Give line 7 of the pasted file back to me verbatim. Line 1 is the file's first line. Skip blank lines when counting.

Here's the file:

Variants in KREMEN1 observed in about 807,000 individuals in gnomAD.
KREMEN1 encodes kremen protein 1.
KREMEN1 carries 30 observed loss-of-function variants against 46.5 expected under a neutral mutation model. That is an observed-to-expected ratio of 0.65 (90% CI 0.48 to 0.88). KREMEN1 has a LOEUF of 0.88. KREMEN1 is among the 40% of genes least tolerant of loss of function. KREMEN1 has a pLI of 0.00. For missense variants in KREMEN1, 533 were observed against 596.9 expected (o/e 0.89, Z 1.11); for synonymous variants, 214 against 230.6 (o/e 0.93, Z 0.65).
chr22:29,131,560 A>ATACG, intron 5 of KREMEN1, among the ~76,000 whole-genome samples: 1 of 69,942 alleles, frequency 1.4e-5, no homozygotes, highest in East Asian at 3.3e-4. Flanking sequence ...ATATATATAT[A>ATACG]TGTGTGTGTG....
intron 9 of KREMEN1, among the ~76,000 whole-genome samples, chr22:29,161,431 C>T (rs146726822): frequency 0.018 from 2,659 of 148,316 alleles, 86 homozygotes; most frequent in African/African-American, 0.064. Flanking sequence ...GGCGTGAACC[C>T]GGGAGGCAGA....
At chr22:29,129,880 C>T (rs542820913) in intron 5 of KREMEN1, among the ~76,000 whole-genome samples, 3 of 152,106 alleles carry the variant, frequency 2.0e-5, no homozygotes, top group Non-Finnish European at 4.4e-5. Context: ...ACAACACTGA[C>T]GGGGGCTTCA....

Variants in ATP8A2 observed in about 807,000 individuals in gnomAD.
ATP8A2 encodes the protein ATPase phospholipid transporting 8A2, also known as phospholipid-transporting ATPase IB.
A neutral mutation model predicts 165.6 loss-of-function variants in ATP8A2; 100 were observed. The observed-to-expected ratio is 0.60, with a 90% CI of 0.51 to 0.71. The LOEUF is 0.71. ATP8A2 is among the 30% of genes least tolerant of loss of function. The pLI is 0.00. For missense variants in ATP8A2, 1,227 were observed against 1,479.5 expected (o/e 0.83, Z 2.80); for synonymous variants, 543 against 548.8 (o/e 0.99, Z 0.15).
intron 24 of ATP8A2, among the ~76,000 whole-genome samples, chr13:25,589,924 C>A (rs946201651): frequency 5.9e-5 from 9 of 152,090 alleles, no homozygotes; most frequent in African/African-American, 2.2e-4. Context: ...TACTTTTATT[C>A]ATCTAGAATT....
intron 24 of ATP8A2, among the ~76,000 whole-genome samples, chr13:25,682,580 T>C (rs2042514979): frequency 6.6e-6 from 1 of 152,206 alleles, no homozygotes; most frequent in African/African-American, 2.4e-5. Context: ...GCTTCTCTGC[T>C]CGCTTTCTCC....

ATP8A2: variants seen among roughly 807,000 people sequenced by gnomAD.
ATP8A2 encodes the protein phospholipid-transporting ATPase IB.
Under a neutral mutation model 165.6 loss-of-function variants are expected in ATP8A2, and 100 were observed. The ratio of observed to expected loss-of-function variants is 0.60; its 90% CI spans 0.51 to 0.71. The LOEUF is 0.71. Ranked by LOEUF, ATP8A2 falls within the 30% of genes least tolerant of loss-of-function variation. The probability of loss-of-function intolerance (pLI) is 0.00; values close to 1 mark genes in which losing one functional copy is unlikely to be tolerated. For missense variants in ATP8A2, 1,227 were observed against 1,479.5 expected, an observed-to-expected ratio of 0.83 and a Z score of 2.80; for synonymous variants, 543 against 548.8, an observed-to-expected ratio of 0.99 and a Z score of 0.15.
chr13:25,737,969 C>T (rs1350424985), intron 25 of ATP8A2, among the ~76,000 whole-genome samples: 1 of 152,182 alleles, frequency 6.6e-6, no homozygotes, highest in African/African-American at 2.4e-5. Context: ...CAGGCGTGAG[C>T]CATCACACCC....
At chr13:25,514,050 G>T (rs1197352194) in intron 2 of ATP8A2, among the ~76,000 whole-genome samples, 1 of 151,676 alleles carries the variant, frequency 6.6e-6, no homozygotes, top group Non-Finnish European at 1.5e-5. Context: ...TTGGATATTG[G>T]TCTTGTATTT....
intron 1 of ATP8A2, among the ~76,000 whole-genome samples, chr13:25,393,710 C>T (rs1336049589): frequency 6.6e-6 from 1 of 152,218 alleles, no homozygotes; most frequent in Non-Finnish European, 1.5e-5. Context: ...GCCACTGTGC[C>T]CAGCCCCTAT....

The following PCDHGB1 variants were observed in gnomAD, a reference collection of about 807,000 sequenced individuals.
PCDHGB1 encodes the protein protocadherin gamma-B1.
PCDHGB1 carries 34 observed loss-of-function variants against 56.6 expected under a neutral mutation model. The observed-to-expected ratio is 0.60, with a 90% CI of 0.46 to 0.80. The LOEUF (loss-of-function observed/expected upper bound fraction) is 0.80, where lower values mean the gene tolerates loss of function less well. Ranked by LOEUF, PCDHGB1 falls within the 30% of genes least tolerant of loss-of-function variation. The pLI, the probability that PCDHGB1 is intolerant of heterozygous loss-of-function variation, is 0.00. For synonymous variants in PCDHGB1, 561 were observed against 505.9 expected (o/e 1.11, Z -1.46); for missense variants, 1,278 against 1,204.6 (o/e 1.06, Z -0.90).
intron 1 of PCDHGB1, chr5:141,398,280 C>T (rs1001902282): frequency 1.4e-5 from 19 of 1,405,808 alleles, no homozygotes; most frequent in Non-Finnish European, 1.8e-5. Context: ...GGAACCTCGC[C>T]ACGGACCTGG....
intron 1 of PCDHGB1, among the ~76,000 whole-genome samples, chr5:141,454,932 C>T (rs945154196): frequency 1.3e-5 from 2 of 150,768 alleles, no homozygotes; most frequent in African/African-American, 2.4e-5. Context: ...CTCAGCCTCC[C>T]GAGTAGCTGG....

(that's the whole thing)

Variants in ATP8A2 observed in about 807,000 individuals in gnomAD.